The charge existing on either capacitor C3 and C4 is applied to the track circuit receiver unit designated by the dot-dash rectangle in the center of the drawing. Actually, the charge on each of these capacitors is applied across a common and one of the other two input termianls on the level detector and logic circuits element 22 which is part of the track circuit receiver. While it may take other well-known forms, the element 22, shown only by a conventional block, preferably is of the fail-safe type disclosed in my copending application for Letters Patent of the US. Pat., Ser. No. 258,879, filed .lune l, 1972, for A Vital Level Detector and AND Gate Circuit Arrangement Employing a Twin- Tee Oscillator, which application has the same assignee as this present application, now Patent No. 3,793,596 issued February 19, 1974. By selecting capacitors C3 and C4 to each have a large capacitance, it is possible to maintain proper operation of the device of this patent even though the input signals to the capacitors are pulses having a low duty cycle. For easy cross reference, the input leads for element 22 have been designated by the same references, that is, l7, l8, and 19, as the inputs to the apparatus of the single drawing FIGURE of the reference patent.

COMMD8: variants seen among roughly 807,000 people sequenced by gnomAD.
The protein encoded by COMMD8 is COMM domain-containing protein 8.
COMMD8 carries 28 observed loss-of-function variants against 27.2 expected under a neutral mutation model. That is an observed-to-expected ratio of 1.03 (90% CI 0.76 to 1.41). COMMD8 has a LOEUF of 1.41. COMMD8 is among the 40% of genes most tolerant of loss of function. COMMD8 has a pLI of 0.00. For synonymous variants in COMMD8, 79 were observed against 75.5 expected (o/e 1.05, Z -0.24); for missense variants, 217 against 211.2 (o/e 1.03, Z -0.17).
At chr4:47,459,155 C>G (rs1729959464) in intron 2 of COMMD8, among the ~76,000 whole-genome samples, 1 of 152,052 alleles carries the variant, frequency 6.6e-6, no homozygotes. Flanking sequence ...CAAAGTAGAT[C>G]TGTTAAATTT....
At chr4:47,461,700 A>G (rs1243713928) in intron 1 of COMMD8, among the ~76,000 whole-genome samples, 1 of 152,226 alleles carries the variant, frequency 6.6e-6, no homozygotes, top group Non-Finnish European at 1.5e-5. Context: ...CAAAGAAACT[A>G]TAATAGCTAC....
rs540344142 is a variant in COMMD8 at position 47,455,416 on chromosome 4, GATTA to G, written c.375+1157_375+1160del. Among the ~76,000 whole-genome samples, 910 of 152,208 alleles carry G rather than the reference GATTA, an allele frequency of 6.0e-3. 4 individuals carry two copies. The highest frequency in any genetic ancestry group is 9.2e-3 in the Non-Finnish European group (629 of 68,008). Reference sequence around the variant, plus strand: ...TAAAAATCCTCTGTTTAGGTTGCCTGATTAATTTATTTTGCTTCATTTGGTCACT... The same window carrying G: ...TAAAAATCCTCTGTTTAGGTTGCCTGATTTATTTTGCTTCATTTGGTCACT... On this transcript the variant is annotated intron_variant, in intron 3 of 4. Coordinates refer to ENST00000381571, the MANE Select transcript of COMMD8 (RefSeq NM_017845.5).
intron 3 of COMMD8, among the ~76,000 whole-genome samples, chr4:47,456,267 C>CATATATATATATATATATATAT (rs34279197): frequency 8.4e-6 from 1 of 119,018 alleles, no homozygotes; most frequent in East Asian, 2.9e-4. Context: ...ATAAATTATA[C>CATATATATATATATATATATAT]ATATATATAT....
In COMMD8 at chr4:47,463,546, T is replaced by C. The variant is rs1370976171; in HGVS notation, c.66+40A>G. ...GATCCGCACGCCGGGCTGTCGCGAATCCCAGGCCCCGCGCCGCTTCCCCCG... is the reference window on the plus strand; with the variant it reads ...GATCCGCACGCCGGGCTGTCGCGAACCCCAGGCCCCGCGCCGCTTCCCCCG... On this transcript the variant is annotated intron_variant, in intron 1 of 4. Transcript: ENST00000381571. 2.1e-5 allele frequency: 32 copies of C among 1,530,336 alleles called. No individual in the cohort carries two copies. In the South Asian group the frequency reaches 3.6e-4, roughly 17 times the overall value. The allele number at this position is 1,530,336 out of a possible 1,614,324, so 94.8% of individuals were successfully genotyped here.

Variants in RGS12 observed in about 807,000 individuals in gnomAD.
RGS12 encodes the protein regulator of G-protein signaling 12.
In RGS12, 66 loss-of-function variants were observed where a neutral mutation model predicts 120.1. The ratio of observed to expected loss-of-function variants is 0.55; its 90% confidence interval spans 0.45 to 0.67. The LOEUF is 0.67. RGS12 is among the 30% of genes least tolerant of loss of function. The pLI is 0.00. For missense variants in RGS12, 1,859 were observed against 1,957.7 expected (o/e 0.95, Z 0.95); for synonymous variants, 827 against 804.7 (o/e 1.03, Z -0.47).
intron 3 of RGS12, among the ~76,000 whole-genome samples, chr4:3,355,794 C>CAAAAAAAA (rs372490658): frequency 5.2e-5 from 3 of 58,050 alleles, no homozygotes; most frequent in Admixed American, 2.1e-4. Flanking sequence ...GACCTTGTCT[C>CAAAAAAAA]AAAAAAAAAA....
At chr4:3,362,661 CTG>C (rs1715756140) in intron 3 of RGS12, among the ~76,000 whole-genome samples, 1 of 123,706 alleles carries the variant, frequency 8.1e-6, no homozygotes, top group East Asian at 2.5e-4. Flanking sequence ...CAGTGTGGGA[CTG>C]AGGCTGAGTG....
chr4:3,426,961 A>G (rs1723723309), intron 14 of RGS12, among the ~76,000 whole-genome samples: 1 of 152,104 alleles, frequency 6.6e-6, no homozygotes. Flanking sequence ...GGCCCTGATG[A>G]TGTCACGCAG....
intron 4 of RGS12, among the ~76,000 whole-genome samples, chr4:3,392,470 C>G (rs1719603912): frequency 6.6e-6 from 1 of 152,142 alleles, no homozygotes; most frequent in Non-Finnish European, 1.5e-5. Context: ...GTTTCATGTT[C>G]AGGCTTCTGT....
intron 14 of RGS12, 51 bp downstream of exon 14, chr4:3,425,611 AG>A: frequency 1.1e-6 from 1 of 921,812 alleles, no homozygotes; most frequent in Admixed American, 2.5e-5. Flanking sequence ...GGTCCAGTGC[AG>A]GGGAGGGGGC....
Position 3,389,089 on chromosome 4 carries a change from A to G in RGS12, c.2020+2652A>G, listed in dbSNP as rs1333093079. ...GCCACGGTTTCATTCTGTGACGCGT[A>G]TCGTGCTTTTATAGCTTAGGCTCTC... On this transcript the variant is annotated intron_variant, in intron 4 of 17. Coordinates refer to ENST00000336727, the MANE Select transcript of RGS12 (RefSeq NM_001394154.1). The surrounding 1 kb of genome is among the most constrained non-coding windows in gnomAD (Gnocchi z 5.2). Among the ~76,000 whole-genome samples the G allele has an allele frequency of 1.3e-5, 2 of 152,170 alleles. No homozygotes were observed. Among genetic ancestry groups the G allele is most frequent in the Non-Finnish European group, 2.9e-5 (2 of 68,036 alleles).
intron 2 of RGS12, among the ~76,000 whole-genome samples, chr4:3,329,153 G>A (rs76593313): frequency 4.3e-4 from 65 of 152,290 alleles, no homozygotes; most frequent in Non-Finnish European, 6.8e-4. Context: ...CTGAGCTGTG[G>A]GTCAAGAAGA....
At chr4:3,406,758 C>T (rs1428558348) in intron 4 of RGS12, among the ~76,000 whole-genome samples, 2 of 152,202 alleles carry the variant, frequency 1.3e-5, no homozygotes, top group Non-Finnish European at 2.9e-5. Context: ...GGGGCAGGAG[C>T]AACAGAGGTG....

Reviewing briefly, the vital solid state level detecting an AND .c rquitsof s prior pat mpl y a multistage feedback transistor amplifier, a phase shift RC twin-tee network, and a pair of shunt type voltage regulators. The multistage feedback transistor amplifier includes a common collector input stage and a common emitter output stage. One leg of the RC twintee network formed by a first resistor and a first capacitor is connected to the collector electrode of the common emitter output stage. A second leg, formed by a second resistor and a second capacitor of the RC twintee network, is connected to the base electrode of the common collector input stage. A common third leg of the RC twin-tee network is formedby a third resistor and a third capacitor. Each of the shunt voltage regulators includes a current limiting resistor and a Zener diode connected across individual d.c. inputs. One Zener diode is connected to the third capacitor while the other Zener diode is connected to the third resistor of the RC twin-tee network. Since a Zener diode exhibits a high impedance when it is nonconducting, there is an insufficient amount of regenerative feedback at any frequency to sustain oscillations when the dc. input potentials do not exceed the threshold value of the corresponding Zener diode. However, when the value of the dc. input potentials exceeds the threshold values, the Zener diodes break down and become conductive. The conduction of the Zener diodes is accompanied by a sudden reduction in.the impedance value in the common capacitve and resistive legs of the twin-tee network. The reduced impedance causes a dramatic increase in the amount of regeneration at a predetermined center frequency. Thus, the multistage amplifier produces an output so that a.c. signals or oscillations will be available on the output terminals when and only when'both of the dc. input potentials exceed the predetermined threshold value. lf the track circuit ar-- rangement is applied to only one track section having a permanent rail shunt at only one end, e.g., aspur track section in approach to the switch joining a main track, the level detector element is modified to provide single channel level detection and to eliminate the logic AND circuit.